Wiktionary > Whitaker’s

I’d like to offer the argument that Wiktionary is the top Latin dictionary available online. I’m sure I’ll meet with the same skeptics who consider Wikipedia an amalgam of amateurs. Let’s fight about it. Here’s my argument.

Wiktionary is superior to two specific alternatives: Whitaker’s Words and Lewis and Short (under Perseus).

Wiktionary is easier to navigate than Perseus or Whitaker. Perseus is notoriously slow, and its entries aren’t incredibly readable. Whitaker is more straightforward, yet demands that I open two windows, which seems unnecessary. There’s no reason a search bar can’t also appear on the results page for further searches.

Wiktionary beats these two because it’s fast and offers a friendly interface.

Like Lewis and Short, it’s pretty good about idiomatic meanings, and it’s OK (just OK) with specifying special case usage and constructions. It’s also often great on etymologies–even pre-Latin etymologies. Admittedly, Lewis and Short are better at both of these features, which is why–I imagine–the link to their entry (under Perseus) is often included at the bottom of each Wiktionary entry. There’s really no need to start with Perseus if you don’t have to.

Whitaker’s Words has a lot of mysterious notation explaining the way in which it parses words (none of which is explained on the site, so far as I can tell). As soon as the site completes its project on era/period frequency, it might be a much better site.

Wiktionary also bests both of them by offering you conjugations and declensions (we’re talking full parses) without asking. They’re just right there on the page. Even better, it’s minimized to begin with, so if you’re a purist and you want to guess the form without the parse, or your just want to scroll down the page a little faster, you won’t encounter opposition.

Wiktionary also shows derived compounds within Latin, and descendant words within other languages. It’s great!

Wiktionary is also the only option to make macrons available everywhere(If you haven’t noticed, I’m a fan of the macron.)

Of course, if I type ‘lego’ into the search bar, the page includes both legō (to read, etc.) and lēgō (to dispatch), with all the same perks.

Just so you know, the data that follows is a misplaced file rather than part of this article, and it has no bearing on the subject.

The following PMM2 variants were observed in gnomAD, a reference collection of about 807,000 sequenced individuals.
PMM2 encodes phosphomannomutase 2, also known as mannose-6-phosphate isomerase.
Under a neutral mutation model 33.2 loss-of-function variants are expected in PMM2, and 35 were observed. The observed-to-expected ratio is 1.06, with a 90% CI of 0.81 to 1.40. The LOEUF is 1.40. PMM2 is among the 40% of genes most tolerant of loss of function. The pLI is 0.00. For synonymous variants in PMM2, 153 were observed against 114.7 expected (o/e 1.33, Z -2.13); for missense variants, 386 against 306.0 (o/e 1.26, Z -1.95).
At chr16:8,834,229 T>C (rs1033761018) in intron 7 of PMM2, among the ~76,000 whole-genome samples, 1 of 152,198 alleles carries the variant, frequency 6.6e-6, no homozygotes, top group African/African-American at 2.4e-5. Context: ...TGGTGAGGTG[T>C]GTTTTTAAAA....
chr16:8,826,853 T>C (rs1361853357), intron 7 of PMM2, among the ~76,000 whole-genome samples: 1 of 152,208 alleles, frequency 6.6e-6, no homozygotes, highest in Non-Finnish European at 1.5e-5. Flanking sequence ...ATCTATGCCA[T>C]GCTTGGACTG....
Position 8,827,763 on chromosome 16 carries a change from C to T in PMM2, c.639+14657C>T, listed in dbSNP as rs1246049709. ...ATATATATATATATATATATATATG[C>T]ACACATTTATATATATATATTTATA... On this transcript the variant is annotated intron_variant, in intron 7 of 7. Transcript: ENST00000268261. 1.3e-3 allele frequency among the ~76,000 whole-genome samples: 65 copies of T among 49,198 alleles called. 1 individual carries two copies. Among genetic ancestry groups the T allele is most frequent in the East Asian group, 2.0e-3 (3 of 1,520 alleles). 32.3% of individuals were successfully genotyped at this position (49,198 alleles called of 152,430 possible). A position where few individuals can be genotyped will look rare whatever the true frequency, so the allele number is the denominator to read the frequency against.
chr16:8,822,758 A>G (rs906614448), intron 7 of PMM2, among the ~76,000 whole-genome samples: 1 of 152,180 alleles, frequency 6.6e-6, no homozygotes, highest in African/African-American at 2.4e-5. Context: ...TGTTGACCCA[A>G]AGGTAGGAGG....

Exceptions for using Lewis and Short: (a) where Wiktionary fails to find an idiom or rare usage and (b) where I need to know era/period frequency.

Exception for using Whitaker’s Words: where I have the English and I want the Latin. I haven’t found a better English-to-Latin Thesaurus just yet. Perseus performs this function (in a round about way, and at a snail’s pace). Any recommendations?

Maybe my argument didn’t convince you. Maybe you really like the ‘OLD’ way of doing things. I hate dragging myself to a bookshelf, and I can’t carry that thing to campus. Or, maybe you’re really excited about this:

I’ll stick with Wiktionary.


3 comments on “Wiktionary > Whitaker’s

  1. Hmm. I’ve never used either Whitacker or Wiktionary and generally use either perseus or my handy-dandy-always-on-my-desk dictionary. Though it is annoying when I’m not at my own computer to look up words. The dictionaries on Perseus are a nightmare to work with. Also, it depends what i’m looking for. For translation, I love this tool: no dictionaries. It allows me to control how much help it gives me, and gives me the chance to read through without help too.

    As to the general hate Wiki-things get, I think it’s mostly ridiculous – it’s mistrust generated by those who think it’s trying to be an authoritative source. I’m sure there are few wikipedia articles out there that are down right false, but I’ve never come across any. And seriously, talk about the amount of peer reviewing a wikipedia article gets! It’s certainly possible the article could be biased, but as an educated reader, it’s really your own fault for falling for it – there are lots of biased books and articles out there too! My experience with Wikipedia is as a first stop to familiarize myself with a topic before digging in and exploring the debates and merits of various opinions. Viva la wikithings! 😛 (though as for using wikipedia in academic work, it’s not appropriate not because of the reliability of the article, but because of the tendency for the content to change and the lack of authorship. There is no visible accountability….but I feel like I’m probably preaching to the choir).

    • rsmease says:

      I found Nodicitonaries.com back in February, and planned to give it a shot but never got around to it.

      It’s still on my to-do list. Looking back, I see I was worried because it doesn’t feature cases. How do you get around this? Or is not really a problem?

      We’re eye-to-eye on Wikipedia. It’s a wonderful resource for the first step, and in a world as data-soaked as our own, sometimes the first step is all we’re after–we don’t have time for anything deeper. Sometimes, we want a simple answer or basic summary, which Wikipedia provides.

      • Yeah, I do find the lack of a full parse on no dictionaries to be annoying on occasion – mostly when I just need a quick answer. However, when I’m reading something to practice, I find it invaluable – I think it’s a great learning tool when reading for practice, or as a review too for a translation exam etc. (or *shudder* an unseen).

        With no dictionaries, I find that I tend to read for sense first. Usually once I have that, the grammar falls into place. It encourages a slightly more natural form of translation than the decoding method we’re usually taught. Speaking of which, the lingua latina books = awesome.

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